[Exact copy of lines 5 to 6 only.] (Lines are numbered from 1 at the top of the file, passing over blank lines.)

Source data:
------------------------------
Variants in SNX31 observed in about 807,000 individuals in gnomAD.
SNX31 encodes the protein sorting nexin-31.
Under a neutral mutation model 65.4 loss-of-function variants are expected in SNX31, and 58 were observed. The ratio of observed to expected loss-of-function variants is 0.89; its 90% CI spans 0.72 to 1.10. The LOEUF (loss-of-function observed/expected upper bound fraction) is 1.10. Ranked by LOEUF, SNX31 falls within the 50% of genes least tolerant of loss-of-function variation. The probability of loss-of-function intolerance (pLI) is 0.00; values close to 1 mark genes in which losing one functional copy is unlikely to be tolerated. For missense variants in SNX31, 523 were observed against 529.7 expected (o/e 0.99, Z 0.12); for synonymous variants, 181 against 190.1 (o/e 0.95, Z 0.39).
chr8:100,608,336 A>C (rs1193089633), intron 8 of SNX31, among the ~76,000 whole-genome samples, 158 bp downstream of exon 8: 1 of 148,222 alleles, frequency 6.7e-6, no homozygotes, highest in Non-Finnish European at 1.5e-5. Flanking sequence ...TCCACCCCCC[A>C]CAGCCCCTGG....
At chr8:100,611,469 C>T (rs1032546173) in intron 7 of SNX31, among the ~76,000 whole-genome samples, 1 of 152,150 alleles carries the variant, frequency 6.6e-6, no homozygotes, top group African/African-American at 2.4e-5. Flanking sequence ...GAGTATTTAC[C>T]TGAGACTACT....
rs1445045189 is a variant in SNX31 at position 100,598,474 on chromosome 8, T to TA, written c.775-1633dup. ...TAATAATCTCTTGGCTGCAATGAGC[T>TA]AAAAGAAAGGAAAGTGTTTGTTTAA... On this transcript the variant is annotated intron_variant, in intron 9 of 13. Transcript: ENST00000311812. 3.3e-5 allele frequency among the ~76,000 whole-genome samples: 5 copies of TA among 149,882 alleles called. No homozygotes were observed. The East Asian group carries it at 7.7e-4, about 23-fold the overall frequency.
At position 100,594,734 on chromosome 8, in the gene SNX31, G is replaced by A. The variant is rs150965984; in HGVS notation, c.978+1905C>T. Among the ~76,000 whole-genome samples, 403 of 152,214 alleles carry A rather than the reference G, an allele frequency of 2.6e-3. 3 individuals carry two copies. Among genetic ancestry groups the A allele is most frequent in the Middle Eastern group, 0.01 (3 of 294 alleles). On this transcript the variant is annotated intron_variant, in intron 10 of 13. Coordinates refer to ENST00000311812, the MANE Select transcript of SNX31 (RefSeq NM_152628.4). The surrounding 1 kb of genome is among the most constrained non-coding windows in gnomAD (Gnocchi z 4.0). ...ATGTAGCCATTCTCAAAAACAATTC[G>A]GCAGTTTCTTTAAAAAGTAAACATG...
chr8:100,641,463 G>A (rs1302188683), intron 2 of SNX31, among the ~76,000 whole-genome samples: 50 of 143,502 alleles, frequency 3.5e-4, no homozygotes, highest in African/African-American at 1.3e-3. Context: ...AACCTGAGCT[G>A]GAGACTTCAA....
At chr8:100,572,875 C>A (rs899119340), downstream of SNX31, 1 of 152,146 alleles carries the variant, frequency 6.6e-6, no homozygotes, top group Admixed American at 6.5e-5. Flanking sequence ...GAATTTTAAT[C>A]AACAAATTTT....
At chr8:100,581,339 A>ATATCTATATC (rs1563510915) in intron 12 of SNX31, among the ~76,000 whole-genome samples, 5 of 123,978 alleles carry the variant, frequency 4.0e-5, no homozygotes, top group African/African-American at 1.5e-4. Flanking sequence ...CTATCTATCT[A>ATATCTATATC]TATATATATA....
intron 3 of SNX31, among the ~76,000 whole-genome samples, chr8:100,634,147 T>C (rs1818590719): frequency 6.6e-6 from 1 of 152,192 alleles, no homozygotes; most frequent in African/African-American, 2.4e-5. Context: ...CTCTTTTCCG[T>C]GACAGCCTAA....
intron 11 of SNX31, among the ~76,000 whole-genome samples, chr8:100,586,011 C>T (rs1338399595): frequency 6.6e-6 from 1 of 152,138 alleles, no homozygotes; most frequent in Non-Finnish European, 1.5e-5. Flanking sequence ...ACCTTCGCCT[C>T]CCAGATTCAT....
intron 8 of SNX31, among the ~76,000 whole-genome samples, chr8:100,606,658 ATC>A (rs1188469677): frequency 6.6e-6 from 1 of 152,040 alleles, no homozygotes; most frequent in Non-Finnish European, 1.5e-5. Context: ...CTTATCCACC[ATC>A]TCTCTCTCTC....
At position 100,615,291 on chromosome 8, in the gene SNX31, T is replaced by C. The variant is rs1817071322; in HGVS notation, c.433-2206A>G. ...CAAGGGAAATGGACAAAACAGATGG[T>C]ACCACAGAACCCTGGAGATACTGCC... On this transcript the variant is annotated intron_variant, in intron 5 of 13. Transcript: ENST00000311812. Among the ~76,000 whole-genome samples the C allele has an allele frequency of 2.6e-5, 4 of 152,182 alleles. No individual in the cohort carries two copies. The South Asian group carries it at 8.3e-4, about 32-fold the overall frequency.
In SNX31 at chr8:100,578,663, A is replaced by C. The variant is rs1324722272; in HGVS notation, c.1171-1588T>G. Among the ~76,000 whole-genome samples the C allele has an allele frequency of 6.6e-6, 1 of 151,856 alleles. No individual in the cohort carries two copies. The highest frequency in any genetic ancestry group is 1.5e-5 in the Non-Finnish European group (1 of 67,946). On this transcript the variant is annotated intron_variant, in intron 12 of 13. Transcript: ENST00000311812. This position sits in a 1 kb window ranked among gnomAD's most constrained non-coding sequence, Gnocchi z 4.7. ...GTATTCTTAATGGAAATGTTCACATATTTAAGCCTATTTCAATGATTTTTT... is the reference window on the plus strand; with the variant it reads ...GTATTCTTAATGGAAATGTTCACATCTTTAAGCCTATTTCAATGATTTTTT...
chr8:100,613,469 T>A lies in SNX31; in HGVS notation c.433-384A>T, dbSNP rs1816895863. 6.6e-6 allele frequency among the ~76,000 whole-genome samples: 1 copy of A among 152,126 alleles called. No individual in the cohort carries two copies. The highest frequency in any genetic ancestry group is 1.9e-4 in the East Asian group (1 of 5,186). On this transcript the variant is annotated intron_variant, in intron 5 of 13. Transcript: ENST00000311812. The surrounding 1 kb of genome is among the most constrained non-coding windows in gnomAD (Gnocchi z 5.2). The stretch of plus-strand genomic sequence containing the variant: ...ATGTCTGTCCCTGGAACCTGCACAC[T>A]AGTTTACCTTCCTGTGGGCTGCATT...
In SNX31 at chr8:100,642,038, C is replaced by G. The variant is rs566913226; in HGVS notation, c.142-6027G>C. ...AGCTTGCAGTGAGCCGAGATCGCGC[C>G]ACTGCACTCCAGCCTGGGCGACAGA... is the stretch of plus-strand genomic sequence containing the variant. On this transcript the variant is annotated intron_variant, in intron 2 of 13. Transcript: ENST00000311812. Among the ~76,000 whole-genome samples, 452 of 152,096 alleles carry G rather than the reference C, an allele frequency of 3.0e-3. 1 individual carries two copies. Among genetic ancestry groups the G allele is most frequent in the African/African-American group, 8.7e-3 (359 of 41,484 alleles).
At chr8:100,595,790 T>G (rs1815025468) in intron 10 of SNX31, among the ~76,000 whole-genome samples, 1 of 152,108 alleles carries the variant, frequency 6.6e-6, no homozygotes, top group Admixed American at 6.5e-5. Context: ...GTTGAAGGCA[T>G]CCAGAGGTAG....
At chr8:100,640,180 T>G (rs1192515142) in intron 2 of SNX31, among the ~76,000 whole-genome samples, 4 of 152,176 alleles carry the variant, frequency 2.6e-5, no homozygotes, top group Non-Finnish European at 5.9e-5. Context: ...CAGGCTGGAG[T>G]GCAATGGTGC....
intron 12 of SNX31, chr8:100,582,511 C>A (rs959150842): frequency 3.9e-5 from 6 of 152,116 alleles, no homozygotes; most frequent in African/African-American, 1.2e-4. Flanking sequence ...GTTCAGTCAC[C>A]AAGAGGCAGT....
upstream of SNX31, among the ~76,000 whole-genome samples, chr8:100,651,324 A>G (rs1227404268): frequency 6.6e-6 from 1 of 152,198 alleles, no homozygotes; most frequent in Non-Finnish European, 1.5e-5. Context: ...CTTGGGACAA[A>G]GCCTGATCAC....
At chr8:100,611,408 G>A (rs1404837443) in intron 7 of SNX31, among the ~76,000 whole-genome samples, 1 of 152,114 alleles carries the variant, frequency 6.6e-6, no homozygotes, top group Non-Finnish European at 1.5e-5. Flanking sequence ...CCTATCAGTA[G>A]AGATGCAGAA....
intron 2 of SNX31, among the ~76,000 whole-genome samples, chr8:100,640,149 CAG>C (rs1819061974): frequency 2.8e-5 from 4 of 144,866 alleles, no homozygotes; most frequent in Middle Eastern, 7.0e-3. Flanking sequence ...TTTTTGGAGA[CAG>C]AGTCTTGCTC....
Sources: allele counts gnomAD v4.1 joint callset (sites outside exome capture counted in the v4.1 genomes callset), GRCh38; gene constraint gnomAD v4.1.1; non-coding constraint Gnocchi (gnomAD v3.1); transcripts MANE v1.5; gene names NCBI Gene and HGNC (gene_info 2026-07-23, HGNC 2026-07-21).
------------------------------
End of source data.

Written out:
At chr8:100,611,469 C>T (rs1032546173) in intron 7 of SNX31, among the ~76,000 whole-genome samples, 1 of 152,150 alleles carries the variant, frequency 6.6e-6, no homozygotes, top group African/African-American at 2.4e-5. Flanking sequence ...GAGTATTTAC[C>T]TGAGACTACT....
rs1445045189 is a variant in SNX31 at position 100,598,474 on chromosome 8, T to TA, written c.775-1633dup. ...TAATAATCTCTTGGCTGCAATGAGC[T>TA]AAAAGAAAGGAAAGTGTTTGTTTAA... On this transcript the variant is annotated intron_variant, in intron 9 of 13. Transcript: ENST00000311812. 3.3e-5 allele frequency among the ~76,000 whole-genome samples: 5 copies of TA among 149,882 alleles called. No homozygotes were observed. The East Asian group carries it at 7.7e-4, about 23-fold the overall frequency.